Thoughts on Theses: Luca Antonucci and Jordan Hugh Sam
Issue   |   Wed, 12/04/2013 - 01:28

Major: Music
Advisors: David Schneider (academic advisor), Mark Swanson (instrumental advisor), Mallorie Chernin (choral advisor)

Q: What is your thesis about?
JHS: Luca and I are doing a joint choral and conducting thesis, in which we are each conducting a 20-person choir as well as a small-size orchestra.
LA: Jordan is conducting Barber’s “Knoxville: Summer of 1915” and I am conducting Copland’s “Appalachian Spring.” In addition to the orchestral repertoire, we are both conducting choral pieces by Barber, Copland and other American composers.

Q: What inspired you to choose this topic for the thesis?
JHS: A lot of it boiled down to having the resources to do the right repertoire. Barber’s “Knoxville” and “Appalachian Spring” are pieces for chamber orchestra, which means they do not require too many musicians.
LA: Personally, I think Copland is an interesting composer because he went through many stylistic changes. Also, he is one of the most famous American composers, yet people do not know a lot of his pieces, so I thought it would be wonderful to share his choral pieces. “Appalachian Spring,” as Jordan mentioned, does not require many players, and it is a fun piece that I have always wanted to conduct.
JHS: And the composers share a theme of American sound, which is interesting to look at because American music was emerging at a time when the country wanted to distance itself from Europe. Especially in Barber’s “Knoxville” and Copland’s “Appalachian Spring,” you can see how the composers are trying to pioneer this unique American sound.

Q: What compelled you to do a music performance instead of a written thesis?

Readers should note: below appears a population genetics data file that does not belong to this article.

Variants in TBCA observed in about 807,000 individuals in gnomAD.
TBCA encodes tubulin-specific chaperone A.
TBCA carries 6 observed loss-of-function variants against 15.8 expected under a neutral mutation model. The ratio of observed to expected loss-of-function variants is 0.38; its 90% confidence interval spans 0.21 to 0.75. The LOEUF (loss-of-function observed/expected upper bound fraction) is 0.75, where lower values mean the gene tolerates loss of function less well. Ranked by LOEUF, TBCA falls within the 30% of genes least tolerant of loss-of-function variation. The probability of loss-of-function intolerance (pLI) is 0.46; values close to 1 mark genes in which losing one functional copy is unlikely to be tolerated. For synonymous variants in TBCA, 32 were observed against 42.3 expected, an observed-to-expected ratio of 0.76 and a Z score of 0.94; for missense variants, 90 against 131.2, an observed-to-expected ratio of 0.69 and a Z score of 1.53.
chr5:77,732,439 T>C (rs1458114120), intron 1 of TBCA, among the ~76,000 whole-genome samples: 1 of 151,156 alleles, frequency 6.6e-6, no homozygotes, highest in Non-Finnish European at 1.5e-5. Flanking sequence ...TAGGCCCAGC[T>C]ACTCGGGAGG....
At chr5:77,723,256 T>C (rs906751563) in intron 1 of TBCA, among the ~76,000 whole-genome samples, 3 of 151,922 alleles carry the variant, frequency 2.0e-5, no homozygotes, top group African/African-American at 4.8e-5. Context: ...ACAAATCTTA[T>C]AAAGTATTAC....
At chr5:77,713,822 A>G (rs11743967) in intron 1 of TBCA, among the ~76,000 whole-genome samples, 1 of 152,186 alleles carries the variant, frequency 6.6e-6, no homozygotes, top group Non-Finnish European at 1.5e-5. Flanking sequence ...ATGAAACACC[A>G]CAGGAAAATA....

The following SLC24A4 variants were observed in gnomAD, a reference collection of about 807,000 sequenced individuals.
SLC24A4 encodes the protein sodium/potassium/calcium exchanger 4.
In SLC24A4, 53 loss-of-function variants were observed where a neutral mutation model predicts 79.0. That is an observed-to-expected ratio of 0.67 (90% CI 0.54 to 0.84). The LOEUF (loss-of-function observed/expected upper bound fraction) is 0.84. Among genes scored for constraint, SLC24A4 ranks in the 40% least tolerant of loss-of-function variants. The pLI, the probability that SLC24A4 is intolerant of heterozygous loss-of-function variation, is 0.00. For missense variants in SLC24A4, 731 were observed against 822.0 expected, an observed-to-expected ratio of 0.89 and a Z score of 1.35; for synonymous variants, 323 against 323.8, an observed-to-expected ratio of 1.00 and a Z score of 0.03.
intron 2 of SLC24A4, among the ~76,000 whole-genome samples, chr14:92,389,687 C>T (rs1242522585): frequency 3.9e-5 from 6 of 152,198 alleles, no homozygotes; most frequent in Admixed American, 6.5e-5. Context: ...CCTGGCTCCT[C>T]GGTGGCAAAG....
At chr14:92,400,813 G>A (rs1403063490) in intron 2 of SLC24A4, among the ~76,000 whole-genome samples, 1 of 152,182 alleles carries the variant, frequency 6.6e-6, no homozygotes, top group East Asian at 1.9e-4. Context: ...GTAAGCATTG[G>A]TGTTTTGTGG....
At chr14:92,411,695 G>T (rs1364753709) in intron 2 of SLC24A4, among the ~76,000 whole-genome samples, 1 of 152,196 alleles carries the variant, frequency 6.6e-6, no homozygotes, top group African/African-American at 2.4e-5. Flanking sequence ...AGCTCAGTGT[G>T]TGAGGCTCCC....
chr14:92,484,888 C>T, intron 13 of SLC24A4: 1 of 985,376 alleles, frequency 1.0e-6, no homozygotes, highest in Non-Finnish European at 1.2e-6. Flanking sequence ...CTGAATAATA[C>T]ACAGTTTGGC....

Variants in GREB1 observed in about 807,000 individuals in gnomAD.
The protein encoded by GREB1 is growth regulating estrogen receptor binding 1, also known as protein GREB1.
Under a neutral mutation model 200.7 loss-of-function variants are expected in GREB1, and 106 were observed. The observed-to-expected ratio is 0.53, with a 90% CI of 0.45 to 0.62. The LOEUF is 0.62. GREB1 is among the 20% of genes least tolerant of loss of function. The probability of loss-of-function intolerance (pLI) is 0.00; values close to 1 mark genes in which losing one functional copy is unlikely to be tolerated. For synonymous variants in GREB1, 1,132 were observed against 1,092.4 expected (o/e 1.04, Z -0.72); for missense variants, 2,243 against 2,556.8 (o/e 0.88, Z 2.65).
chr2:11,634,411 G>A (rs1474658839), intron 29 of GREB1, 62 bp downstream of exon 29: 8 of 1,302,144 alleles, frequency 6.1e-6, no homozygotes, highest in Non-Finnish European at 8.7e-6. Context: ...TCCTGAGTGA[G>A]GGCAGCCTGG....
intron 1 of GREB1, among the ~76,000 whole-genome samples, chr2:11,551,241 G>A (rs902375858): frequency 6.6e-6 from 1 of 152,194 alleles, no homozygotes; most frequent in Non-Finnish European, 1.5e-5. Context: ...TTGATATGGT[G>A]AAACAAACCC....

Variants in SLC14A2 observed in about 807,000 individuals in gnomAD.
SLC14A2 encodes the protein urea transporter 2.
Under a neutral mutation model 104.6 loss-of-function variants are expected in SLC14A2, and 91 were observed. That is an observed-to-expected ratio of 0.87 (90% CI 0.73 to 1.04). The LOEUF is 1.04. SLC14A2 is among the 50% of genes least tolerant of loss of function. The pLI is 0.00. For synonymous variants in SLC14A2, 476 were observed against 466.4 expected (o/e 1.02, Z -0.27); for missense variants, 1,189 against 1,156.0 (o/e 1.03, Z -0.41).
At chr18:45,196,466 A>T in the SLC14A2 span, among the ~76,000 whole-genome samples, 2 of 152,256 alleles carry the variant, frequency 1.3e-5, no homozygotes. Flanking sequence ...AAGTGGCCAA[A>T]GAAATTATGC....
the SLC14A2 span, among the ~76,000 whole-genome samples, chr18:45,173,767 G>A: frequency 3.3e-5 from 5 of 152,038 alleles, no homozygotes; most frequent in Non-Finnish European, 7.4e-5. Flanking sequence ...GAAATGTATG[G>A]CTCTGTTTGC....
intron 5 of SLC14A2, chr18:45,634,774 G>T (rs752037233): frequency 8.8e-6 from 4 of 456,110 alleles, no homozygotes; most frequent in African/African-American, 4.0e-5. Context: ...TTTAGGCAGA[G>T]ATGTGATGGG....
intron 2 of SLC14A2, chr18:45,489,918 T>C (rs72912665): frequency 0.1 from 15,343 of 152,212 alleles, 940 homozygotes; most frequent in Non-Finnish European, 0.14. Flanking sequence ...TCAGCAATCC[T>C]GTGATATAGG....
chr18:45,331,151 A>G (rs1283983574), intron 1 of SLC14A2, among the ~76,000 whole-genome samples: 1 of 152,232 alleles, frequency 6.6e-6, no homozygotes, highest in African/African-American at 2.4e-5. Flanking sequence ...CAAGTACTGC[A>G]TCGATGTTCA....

LA: I enjoy performances, and since I hope to become a professional conductor, this was the perfect opportunity.
JHS: For me, this was a unique opportunity because when am I ever going to be able to conduct a bunch of talented singers, who are willing to give up an hour of their time every week for my performance? Also, the Amherst music department has been incredibly supportive. Even though I will pursue music history in graduate school, I wanted to take the chance to carry out a performance project in this ideal environment.

Q: What are some challenges for organizing a performance thesis instead of writing a thesis?
LA: Figuring out the logistics! First of all, getting the players and planning rehearsals are difficult. Some people are away during Interterm, some musicians are from UMass, others work during the day, etc. — we have learned to become flexible because we have to accommodate our musicians’ schedules. Another issue is when we are hiring people, we need to figure out how much money we can spend and how many players we can hire. Finding rehearsal space is a pain, too.
JHS: I agree with Luca — I didn’t anticipate how difficult it would be to logistically pull everything together. I thought most of my thesis would be about music, but a lot of it involves applying for funding, finding musicians for the performance, and planning the rehearsals. The logistics part of the thesis has been very time consuming. Also, there have been some things that are intimidating during the process. For instance, I am coaching a singer who is currently working on her Ph.D., and it has been somewhat overwhelming to help a musician who already has a lot of knowledge about her field. It is a true learning experience, figuring out how to work with people and be in the position of authority as a conductor.

Q: Do you have any advice for future music students who may consider a music performance as his or her senior thesis?
LA: Dive into it knowing that you spend a huge amount of time writing e-mails, making phone calls and chasing people down for rehearsals. It is extremely important to stay on top of the logistical side of a performance thesis.

Q: When can Amherst and other community members watch the performance?
JHS: Everyone should come to the performance, which will be on Jan. 25 at 7 p.m. in Buckley Recital Hall!

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